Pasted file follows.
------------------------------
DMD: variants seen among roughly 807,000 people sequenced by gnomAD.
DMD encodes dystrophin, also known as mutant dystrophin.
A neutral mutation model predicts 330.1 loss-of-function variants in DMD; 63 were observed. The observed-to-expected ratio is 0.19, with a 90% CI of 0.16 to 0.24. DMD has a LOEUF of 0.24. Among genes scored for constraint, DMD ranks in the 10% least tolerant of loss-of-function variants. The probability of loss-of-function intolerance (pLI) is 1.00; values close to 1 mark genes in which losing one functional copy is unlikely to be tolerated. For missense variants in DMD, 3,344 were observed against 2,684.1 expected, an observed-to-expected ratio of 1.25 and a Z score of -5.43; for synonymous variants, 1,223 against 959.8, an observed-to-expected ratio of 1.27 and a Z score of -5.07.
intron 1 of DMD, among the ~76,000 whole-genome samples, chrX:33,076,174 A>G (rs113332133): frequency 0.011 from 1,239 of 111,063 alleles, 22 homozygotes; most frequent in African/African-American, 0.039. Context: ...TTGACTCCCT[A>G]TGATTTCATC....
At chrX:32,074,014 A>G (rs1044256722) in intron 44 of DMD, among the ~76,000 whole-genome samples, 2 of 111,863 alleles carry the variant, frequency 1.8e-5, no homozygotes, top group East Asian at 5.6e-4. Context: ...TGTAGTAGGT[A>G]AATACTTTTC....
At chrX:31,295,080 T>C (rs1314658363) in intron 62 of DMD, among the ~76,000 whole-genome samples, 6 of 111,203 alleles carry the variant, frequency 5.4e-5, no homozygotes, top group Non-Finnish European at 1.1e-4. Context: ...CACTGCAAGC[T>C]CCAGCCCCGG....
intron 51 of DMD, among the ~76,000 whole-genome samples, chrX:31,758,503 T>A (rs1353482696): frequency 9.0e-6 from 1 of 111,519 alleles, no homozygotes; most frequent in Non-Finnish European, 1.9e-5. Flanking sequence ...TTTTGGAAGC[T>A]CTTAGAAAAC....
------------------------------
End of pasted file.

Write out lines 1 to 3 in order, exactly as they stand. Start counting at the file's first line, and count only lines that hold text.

DMD: variants seen among roughly 807,000 people sequenced by gnomAD.
DMD encodes dystrophin, also known as mutant dystrophin.
A neutral mutation model predicts 330.1 loss-of-function variants in DMD; 63 were observed. The observed-to-expected ratio is 0.19, with a 90% CI of 0.16 to 0.24. DMD has a LOEUF of 0.24. Among genes scored for constraint, DMD ranks in the 10% least tolerant of loss-of-function variants. The probability of loss-of-function intolerance (pLI) is 1.00; values close to 1 mark genes in which losing one functional copy is unlikely to be tolerated. For missense variants in DMD, 3,344 were observed against 2,684.1 expected, an observed-to-expected ratio of 1.25 and a Z score of -5.43; for synonymous variants, 1,223 against 959.8, an observed-to-expected ratio of 1.27 and a Z score of -5.07.